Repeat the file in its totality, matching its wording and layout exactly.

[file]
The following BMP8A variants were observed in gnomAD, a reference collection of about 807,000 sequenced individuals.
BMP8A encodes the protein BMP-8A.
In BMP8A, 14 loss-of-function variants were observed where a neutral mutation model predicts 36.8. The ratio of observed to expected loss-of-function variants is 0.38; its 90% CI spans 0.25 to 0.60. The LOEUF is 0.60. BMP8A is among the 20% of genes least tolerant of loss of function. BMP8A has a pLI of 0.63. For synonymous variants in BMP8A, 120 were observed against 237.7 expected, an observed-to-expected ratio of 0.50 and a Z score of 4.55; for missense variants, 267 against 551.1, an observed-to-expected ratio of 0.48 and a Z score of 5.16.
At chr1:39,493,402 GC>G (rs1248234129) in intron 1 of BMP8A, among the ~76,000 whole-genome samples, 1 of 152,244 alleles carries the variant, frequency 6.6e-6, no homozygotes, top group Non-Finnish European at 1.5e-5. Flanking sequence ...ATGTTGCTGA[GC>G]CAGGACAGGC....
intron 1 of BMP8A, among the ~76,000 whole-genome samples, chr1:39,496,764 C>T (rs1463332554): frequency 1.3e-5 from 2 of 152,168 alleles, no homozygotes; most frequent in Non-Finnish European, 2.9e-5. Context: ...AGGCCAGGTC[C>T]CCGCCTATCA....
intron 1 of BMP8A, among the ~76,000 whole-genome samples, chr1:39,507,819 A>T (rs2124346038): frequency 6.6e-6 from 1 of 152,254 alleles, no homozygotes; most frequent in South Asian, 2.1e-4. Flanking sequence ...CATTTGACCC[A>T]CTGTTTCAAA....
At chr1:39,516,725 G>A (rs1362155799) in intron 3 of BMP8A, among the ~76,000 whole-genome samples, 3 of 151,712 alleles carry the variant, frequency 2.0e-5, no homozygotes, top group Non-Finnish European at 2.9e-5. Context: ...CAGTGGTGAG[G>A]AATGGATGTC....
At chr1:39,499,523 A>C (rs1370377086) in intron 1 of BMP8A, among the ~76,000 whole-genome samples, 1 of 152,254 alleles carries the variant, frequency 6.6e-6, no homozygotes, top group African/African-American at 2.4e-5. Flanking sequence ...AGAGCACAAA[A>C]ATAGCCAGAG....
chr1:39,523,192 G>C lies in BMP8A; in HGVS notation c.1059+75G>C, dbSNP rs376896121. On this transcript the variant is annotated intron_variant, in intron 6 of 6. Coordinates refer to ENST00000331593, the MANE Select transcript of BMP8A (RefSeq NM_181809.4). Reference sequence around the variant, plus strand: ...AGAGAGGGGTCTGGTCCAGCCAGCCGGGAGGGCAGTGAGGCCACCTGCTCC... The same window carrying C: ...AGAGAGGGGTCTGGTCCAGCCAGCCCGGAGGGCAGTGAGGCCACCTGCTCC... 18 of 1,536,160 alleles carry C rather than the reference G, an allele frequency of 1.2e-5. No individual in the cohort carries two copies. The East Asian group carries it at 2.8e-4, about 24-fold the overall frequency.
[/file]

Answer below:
The following BMP8A variants were observed in gnomAD, a reference collection of about 807,000 sequenced individuals.
BMP8A encodes the protein BMP-8A.
In BMP8A, 14 loss-of-function variants were observed where a neutral mutation model predicts 36.8. The ratio of observed to expected loss-of-function variants is 0.38; its 90% CI spans 0.25 to 0.60. The LOEUF is 0.60. BMP8A is among the 20% of genes least tolerant of loss of function. BMP8A has a pLI of 0.63. For synonymous variants in BMP8A, 120 were observed against 237.7 expected, an observed-to-expected ratio of 0.50 and a Z score of 4.55; for missense variants, 267 against 551.1, an observed-to-expected ratio of 0.48 and a Z score of 5.16.
At chr1:39,493,402 GC>G (rs1248234129) in intron 1 of BMP8A, among the ~76,000 whole-genome samples, 1 of 152,244 alleles carries the variant, frequency 6.6e-6, no homozygotes, top group Non-Finnish European at 1.5e-5. Flanking sequence ...ATGTTGCTGA[GC>G]CAGGACAGGC....
intron 1 of BMP8A, among the ~76,000 whole-genome samples, chr1:39,496,764 C>T (rs1463332554): frequency 1.3e-5 from 2 of 152,168 alleles, no homozygotes; most frequent in Non-Finnish European, 2.9e-5. Context: ...AGGCCAGGTC[C>T]CCGCCTATCA....
intron 1 of BMP8A, among the ~76,000 whole-genome samples, chr1:39,507,819 A>T (rs2124346038): frequency 6.6e-6 from 1 of 152,254 alleles, no homozygotes; most frequent in South Asian, 2.1e-4. Flanking sequence ...CATTTGACCC[A>T]CTGTTTCAAA....
At chr1:39,516,725 G>A (rs1362155799) in intron 3 of BMP8A, among the ~76,000 whole-genome samples, 3 of 151,712 alleles carry the variant, frequency 2.0e-5, no homozygotes, top group Non-Finnish European at 2.9e-5. Context: ...CAGTGGTGAG[G>A]AATGGATGTC....
At chr1:39,499,523 A>C (rs1370377086) in intron 1 of BMP8A, among the ~76,000 whole-genome samples, 1 of 152,254 alleles carries the variant, frequency 6.6e-6, no homozygotes, top group African/African-American at 2.4e-5. Flanking sequence ...AGAGCACAAA[A>C]ATAGCCAGAG....
chr1:39,523,192 G>C lies in BMP8A; in HGVS notation c.1059+75G>C, dbSNP rs376896121. On this transcript the variant is annotated intron_variant, in intron 6 of 6. Coordinates refer to ENST00000331593, the MANE Select transcript of BMP8A (RefSeq NM_181809.4). Reference sequence around the variant, plus strand: ...AGAGAGGGGTCTGGTCCAGCCAGCCGGGAGGGCAGTGAGGCCACCTGCTCC... The same window carrying C: ...AGAGAGGGGTCTGGTCCAGCCAGCCCGGAGGGCAGTGAGGCCACCTGCTCC... 18 of 1,536,160 alleles carry C rather than the reference G, an allele frequency of 1.2e-5. No individual in the cohort carries two copies. The East Asian group carries it at 2.8e-4, about 24-fold the overall frequency.